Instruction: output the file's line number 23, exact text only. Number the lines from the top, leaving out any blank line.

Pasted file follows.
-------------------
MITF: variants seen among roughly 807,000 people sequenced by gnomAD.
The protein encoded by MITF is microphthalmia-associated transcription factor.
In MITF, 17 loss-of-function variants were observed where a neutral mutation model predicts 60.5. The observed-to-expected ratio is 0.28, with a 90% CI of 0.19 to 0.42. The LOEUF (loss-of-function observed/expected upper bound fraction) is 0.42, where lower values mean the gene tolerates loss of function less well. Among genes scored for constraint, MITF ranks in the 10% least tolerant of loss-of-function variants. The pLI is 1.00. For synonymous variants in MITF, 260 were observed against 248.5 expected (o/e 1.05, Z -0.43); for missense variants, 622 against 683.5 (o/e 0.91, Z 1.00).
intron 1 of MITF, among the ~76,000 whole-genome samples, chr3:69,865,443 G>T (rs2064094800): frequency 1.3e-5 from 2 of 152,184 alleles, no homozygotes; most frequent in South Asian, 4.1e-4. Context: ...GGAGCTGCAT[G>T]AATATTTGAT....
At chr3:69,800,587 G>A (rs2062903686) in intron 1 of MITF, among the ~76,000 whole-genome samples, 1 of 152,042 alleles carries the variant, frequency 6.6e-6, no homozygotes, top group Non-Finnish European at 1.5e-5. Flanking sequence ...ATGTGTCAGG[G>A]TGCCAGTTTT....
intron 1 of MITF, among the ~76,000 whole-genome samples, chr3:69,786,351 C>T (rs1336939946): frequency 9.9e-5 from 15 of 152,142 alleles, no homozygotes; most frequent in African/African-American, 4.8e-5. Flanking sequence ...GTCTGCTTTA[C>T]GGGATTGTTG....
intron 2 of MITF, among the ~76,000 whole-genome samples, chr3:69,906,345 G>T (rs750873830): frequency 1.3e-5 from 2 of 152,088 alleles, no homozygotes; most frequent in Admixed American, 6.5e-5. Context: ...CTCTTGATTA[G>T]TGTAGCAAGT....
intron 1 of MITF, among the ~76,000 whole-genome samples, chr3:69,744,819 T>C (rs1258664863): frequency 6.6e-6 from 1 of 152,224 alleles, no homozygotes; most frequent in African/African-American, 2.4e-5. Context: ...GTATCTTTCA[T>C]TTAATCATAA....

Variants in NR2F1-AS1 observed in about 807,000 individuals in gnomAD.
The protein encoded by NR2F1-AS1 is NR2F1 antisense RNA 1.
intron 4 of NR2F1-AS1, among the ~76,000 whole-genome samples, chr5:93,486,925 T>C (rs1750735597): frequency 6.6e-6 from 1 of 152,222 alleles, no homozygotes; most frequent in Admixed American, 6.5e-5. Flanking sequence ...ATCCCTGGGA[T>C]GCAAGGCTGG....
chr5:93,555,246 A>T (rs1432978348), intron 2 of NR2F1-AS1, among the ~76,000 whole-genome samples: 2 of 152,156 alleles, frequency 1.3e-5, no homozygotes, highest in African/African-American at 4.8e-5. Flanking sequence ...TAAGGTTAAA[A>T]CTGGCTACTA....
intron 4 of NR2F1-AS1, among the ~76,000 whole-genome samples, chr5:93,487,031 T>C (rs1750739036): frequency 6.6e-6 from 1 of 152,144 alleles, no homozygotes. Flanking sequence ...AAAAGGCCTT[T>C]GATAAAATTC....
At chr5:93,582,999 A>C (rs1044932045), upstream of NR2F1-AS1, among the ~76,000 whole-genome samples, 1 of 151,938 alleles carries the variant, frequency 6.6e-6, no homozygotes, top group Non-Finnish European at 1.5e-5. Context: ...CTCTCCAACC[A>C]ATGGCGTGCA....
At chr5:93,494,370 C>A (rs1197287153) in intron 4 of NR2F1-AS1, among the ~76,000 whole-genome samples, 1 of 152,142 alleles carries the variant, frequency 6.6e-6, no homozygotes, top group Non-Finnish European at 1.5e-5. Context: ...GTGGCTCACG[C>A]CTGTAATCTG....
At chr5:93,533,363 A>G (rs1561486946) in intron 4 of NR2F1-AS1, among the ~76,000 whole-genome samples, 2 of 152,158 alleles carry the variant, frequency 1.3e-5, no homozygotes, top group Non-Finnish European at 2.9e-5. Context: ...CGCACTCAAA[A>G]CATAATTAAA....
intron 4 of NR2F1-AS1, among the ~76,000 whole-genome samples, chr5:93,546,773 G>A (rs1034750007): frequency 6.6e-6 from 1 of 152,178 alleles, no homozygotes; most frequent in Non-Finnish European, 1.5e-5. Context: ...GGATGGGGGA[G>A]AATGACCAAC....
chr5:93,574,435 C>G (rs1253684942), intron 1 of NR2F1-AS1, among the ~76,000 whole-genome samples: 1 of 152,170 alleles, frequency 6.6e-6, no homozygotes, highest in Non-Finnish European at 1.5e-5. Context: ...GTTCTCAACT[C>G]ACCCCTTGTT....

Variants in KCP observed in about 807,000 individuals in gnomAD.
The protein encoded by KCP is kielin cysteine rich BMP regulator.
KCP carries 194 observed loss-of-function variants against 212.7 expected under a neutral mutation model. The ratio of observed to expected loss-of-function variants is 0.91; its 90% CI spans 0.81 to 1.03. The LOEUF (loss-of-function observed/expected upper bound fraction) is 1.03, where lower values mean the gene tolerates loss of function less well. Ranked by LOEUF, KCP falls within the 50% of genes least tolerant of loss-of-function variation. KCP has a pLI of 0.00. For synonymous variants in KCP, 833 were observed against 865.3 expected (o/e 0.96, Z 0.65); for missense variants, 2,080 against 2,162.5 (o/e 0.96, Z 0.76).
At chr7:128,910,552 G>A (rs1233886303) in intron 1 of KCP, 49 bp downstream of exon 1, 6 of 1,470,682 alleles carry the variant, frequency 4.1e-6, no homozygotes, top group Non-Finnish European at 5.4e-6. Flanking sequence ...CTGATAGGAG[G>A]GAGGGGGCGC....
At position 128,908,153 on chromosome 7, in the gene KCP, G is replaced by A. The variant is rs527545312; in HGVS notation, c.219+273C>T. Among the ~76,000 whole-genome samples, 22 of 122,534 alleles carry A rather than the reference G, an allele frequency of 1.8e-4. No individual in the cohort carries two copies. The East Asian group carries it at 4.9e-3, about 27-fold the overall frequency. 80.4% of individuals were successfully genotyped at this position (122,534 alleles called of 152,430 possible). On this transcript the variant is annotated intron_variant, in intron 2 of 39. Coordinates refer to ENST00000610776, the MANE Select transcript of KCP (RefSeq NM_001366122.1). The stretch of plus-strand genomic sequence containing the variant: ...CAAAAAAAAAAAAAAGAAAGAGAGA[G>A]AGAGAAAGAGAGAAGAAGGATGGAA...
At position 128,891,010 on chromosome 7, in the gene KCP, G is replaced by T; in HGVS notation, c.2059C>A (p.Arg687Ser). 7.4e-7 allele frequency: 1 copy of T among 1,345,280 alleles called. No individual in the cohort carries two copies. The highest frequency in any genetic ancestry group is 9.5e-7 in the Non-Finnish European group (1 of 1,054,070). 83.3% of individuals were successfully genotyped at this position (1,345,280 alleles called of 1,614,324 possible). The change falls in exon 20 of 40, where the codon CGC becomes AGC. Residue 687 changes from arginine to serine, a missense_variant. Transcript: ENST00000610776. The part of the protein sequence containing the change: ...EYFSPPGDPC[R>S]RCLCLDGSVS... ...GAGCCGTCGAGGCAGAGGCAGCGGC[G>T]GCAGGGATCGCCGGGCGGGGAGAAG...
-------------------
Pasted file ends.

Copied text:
At position 128,908,153 on chromosome 7, in the gene KCP, G is replaced by A. The variant is rs527545312; in HGVS notation, c.219+273C>T. Among the ~76,000 whole-genome samples, 22 of 122,534 alleles carry A rather than the reference G, an allele frequency of 1.8e-4. No individual in the cohort carries two copies. The East Asian group carries it at 4.9e-3, about 27-fold the overall frequency. 80.4% of individuals were successfully genotyped at this position (122,534 alleles called of 152,430 possible). On this transcript the variant is annotated intron_variant, in intron 2 of 39. Coordinates refer to ENST00000610776, the MANE Select transcript of KCP (RefSeq NM_001366122.1). The stretch of plus-strand genomic sequence containing the variant: ...CAAAAAAAAAAAAAAGAAAGAGAGA[G>A]AGAGAAAGAGAGAAGAAGGATGGAA...